Out of the question - Monocolumn | Monocle


A daily bulletin of news & opinion

4 August 2015

On Monday the media reacted in collective horror after an Atlanta-based morning radio host, who was interviewing the cast of a new blockbuster-calibre film, launched an unfortunate series of questions: the trajectory of which was both racially insensitive and sexist. This is certainly not the first time that questions at a press junket were hardly about the film itself.

In fact, it’s actually not uncommon to see footage from press junkets in which the journalists veer well off course. It seems commonplace to use the few minutes granted with the performer to simply ask something buzzworthy in the hope of having it viewed as many times as possible – and the bigger the budget the more likely that will be.

Press junkets are meant to serve a purpose. It is of course promotion for the film. Yes, the point for both interviewer and interviewee is sales: sell the film; sell the article. But truly a press junket is an opportunity for journalists to ask an informed and intelligent line of questioning about the film so that they can report to their respective audiences. The audience in turn can make an informed decision on whether or not to see the film. Easy enough.

But in this scenario, the interview opens with the host asking how the white actress and black actor could possibly play siblings in this film. It continues uncomfortably with the host asking the actress why she would cut her hair; he finds her attractive either way, though, he mentions. He even likes her feet.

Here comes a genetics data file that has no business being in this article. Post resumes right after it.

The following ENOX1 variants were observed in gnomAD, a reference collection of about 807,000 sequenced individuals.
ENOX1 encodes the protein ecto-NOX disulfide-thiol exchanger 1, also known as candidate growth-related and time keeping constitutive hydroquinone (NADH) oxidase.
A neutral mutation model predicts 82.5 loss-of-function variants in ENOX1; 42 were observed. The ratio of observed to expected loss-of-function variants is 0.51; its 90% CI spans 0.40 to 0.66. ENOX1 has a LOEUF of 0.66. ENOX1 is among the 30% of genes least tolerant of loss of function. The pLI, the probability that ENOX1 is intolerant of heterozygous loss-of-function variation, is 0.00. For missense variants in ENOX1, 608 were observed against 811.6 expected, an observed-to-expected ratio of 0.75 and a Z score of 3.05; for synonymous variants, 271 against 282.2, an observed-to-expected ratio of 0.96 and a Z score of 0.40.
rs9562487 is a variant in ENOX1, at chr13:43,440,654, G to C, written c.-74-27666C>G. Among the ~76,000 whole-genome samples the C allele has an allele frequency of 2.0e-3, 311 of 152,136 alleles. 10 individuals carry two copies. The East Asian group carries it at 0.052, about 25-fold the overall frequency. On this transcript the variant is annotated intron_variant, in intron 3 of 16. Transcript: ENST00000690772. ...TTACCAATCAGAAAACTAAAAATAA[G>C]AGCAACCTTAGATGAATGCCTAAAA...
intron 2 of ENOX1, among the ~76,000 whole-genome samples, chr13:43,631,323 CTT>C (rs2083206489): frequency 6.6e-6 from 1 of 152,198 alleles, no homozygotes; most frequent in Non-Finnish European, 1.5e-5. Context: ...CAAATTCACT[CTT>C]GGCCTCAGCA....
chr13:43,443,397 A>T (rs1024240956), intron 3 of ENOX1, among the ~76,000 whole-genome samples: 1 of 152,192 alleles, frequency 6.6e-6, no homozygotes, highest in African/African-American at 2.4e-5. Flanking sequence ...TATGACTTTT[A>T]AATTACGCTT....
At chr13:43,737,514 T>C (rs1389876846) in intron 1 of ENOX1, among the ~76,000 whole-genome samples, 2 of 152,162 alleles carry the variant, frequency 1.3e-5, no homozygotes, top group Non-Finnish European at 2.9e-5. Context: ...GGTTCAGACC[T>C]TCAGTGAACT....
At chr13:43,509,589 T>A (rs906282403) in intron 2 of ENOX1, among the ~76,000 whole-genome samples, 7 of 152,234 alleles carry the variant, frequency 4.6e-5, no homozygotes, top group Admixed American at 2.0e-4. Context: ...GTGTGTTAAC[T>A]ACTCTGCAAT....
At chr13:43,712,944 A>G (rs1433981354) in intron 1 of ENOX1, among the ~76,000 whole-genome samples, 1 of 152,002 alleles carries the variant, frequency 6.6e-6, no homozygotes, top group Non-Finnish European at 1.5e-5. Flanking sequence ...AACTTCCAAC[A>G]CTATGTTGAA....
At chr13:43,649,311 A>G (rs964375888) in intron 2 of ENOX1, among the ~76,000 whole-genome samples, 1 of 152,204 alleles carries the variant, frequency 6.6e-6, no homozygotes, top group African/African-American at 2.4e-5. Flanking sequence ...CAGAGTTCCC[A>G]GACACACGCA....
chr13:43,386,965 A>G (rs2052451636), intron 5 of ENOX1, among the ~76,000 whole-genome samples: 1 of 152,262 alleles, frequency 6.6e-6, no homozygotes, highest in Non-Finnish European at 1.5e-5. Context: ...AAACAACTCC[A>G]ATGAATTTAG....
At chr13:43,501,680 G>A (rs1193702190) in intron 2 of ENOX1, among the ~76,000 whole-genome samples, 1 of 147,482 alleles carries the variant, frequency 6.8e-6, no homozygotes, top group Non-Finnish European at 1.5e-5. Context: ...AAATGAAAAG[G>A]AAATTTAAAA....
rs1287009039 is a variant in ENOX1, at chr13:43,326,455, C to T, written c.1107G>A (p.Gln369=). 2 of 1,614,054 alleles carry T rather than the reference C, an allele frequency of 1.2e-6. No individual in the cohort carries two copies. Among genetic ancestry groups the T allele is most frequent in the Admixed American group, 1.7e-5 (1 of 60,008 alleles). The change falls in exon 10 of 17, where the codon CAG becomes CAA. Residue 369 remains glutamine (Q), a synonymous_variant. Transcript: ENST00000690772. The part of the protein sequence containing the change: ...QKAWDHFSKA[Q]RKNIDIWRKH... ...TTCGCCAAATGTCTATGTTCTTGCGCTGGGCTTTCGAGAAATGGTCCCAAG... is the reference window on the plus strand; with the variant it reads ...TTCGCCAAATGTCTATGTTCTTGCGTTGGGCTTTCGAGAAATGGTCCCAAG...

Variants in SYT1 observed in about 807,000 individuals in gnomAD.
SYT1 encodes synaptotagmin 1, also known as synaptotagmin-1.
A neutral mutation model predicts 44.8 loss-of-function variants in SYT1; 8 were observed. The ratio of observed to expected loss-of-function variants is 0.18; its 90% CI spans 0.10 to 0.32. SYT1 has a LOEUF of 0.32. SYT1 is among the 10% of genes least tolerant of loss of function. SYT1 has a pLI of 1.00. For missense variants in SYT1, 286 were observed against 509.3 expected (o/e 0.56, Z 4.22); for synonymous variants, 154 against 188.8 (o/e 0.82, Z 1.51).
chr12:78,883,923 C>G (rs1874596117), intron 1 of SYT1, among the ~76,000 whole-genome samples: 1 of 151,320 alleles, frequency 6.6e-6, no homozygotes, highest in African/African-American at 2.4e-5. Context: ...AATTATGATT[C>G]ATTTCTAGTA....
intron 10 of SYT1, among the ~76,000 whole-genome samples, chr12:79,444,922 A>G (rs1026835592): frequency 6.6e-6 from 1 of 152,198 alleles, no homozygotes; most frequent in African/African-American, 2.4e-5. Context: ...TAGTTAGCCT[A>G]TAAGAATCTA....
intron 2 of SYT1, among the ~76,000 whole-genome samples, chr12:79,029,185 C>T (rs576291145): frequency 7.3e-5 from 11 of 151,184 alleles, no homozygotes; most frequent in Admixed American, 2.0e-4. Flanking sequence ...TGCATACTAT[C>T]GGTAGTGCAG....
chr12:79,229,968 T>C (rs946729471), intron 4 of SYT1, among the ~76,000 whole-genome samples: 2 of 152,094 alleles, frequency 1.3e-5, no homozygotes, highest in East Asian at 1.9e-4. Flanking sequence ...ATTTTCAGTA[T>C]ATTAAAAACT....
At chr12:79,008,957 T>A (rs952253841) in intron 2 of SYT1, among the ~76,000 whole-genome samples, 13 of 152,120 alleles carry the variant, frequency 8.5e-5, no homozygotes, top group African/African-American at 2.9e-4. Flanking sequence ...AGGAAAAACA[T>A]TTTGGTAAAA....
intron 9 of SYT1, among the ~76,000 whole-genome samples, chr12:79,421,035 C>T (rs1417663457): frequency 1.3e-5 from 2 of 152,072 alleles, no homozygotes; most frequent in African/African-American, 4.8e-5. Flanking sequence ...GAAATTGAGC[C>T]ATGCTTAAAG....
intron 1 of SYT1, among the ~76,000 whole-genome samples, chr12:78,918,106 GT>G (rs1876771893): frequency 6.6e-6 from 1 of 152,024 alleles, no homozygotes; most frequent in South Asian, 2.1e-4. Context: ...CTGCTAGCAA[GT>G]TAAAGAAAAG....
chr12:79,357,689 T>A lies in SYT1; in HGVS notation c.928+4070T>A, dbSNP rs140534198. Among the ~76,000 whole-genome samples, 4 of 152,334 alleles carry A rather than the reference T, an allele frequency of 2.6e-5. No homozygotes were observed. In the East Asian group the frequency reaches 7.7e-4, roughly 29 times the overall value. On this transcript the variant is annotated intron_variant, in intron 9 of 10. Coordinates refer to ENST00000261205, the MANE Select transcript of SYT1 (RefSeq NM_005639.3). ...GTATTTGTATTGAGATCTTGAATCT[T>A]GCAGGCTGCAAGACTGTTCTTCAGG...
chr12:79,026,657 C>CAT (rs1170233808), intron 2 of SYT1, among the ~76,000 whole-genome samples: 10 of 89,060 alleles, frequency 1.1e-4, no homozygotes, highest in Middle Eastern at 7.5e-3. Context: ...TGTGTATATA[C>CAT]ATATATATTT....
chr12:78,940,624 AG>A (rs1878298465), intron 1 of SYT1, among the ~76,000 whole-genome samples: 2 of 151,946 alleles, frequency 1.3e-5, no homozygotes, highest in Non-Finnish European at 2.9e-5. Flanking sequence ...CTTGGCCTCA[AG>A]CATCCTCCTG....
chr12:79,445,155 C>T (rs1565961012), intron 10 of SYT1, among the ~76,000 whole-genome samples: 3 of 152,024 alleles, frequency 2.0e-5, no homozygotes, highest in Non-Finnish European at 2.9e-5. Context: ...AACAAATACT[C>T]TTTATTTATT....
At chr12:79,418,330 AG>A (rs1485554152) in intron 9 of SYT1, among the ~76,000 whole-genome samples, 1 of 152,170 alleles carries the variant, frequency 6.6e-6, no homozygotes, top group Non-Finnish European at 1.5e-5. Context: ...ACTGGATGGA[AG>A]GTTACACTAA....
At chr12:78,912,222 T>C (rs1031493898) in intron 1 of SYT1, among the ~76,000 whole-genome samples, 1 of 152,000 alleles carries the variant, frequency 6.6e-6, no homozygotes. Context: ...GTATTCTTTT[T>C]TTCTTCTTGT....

This follows a similarly uncomfortable interview last week in which another actress was insulted by the show’s host for not sounding enthusiastic enough. This was after several condescending questions regarding her busy personal schedule – which included asking if there could have been time to read the book that inspired the film she was promoting.

Interviews like this, which gloss over an actor’s work, disrespect the craft and the effort put in by countless people to bring a film to life. It also begs the question: do we collectively think that there are higher and lower forms of art? That big-budget film actors simply do not deserve the same respect as a theatre actor, a ballet dancer or an author?

It seems the greater the special effects, the grander the score and the better the hair and make-up, the more likely journalists are to ignore the work of film actors. But I would venture to say that this is a gross oversight. And sadly, the disregard for their performances is also a disregard for the craft of journalism.

Megan Billings is a researcher/writer in Monocle’s New York bureau.


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